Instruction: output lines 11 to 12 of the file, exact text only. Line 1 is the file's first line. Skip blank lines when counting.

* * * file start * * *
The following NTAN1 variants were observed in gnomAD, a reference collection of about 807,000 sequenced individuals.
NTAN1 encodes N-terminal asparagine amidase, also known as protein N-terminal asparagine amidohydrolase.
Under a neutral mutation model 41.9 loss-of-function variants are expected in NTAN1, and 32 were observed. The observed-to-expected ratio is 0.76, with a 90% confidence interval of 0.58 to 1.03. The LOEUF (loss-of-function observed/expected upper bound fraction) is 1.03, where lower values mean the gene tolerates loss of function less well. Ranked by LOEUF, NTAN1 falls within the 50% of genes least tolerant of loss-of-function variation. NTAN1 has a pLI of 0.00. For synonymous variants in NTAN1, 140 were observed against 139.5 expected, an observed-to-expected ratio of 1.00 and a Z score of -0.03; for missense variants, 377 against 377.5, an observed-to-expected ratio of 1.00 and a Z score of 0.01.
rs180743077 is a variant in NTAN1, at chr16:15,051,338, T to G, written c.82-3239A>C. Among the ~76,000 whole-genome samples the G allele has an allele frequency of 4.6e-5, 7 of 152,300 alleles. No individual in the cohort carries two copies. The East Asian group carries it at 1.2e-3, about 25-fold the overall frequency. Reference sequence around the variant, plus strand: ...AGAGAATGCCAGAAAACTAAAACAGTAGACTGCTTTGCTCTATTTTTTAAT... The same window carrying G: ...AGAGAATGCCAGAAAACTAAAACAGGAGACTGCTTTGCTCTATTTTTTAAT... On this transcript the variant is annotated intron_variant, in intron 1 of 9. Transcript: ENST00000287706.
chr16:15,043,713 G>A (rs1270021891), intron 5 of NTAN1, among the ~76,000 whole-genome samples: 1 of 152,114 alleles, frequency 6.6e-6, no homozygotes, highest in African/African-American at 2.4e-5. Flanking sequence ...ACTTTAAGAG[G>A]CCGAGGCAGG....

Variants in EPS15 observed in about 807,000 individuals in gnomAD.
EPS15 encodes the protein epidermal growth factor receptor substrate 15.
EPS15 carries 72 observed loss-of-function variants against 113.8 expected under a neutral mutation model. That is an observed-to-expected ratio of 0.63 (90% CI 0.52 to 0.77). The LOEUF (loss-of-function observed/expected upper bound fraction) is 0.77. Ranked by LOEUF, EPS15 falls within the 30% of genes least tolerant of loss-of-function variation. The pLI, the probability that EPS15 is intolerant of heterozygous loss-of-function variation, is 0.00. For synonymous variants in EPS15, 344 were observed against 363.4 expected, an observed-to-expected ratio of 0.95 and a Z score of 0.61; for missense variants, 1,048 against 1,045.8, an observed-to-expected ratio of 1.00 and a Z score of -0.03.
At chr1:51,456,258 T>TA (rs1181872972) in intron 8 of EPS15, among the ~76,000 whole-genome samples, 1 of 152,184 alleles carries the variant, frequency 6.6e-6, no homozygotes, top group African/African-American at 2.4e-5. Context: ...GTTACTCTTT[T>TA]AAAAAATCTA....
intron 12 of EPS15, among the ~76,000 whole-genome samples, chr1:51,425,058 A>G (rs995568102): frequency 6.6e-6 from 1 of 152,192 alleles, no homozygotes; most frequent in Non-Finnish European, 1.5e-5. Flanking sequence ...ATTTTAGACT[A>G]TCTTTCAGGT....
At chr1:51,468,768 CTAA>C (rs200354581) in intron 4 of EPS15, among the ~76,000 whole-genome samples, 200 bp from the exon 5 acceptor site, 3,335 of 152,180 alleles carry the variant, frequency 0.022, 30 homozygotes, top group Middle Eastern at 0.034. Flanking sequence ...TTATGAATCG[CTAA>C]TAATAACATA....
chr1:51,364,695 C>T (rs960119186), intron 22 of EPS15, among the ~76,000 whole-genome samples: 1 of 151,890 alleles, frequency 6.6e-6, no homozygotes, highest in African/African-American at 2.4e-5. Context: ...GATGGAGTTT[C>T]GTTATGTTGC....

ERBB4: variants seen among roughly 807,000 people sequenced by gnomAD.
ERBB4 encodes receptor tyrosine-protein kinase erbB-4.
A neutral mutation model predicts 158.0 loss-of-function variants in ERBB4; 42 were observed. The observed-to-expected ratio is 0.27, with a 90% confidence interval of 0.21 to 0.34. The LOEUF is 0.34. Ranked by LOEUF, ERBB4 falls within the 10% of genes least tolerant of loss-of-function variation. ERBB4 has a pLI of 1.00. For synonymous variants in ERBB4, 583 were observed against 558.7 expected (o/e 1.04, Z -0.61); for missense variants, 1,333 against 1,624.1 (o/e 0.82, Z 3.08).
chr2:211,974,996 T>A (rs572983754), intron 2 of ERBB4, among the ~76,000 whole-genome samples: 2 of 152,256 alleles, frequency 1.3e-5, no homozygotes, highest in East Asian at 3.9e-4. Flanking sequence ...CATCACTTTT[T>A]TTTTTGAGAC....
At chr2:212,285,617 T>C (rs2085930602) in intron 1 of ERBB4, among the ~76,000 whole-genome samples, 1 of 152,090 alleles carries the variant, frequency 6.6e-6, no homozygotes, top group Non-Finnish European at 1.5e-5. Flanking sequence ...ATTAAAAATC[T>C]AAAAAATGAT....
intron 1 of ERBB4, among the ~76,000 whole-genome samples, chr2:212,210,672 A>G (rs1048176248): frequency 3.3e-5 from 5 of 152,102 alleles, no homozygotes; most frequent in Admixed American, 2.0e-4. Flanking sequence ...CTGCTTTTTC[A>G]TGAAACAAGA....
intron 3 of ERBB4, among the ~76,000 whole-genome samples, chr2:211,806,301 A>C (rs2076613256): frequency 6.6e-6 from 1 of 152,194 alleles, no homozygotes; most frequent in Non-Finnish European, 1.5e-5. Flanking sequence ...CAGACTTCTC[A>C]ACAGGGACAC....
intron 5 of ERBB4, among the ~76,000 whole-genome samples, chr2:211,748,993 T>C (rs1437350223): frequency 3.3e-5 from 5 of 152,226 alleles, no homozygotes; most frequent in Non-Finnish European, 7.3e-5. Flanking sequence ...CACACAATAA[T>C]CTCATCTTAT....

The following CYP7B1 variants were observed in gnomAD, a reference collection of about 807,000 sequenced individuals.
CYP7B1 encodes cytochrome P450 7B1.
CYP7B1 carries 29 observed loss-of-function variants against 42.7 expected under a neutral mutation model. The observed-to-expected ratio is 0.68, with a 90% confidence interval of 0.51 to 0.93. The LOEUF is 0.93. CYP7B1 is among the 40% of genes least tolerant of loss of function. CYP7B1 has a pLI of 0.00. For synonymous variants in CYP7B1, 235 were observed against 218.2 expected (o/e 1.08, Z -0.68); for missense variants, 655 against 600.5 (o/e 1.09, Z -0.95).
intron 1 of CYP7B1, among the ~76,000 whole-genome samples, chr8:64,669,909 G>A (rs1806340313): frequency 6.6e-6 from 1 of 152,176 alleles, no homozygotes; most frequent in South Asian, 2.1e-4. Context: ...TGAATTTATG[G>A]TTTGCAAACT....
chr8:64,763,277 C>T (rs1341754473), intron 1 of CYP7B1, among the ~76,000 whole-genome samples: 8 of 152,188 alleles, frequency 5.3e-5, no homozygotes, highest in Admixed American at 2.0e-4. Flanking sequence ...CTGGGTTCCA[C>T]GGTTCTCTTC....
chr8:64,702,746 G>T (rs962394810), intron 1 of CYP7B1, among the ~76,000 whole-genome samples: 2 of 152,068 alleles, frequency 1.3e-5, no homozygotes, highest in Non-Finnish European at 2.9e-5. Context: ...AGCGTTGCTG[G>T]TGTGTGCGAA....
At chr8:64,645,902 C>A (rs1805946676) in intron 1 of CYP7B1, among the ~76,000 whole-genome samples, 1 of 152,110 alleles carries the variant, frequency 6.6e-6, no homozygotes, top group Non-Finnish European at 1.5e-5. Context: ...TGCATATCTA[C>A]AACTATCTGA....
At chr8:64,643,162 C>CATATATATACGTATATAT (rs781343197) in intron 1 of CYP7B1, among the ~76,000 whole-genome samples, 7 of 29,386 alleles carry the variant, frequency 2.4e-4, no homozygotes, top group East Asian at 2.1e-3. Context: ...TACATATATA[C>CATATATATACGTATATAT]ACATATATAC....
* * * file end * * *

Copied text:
At chr1:51,468,768 CTAA>C (rs200354581) in intron 4 of EPS15, among the ~76,000 whole-genome samples, 200 bp from the exon 5 acceptor site, 3,335 of 152,180 alleles carry the variant, frequency 0.022, 30 homozygotes, top group Middle Eastern at 0.034. Flanking sequence ...TTATGAATCG[CTAA>C]TAATAACATA....
chr1:51,364,695 C>T (rs960119186), intron 22 of EPS15, among the ~76,000 whole-genome samples: 1 of 151,890 alleles, frequency 6.6e-6, no homozygotes, highest in African/African-American at 2.4e-5. Context: ...GATGGAGTTT[C>T]GTTATGTTGC....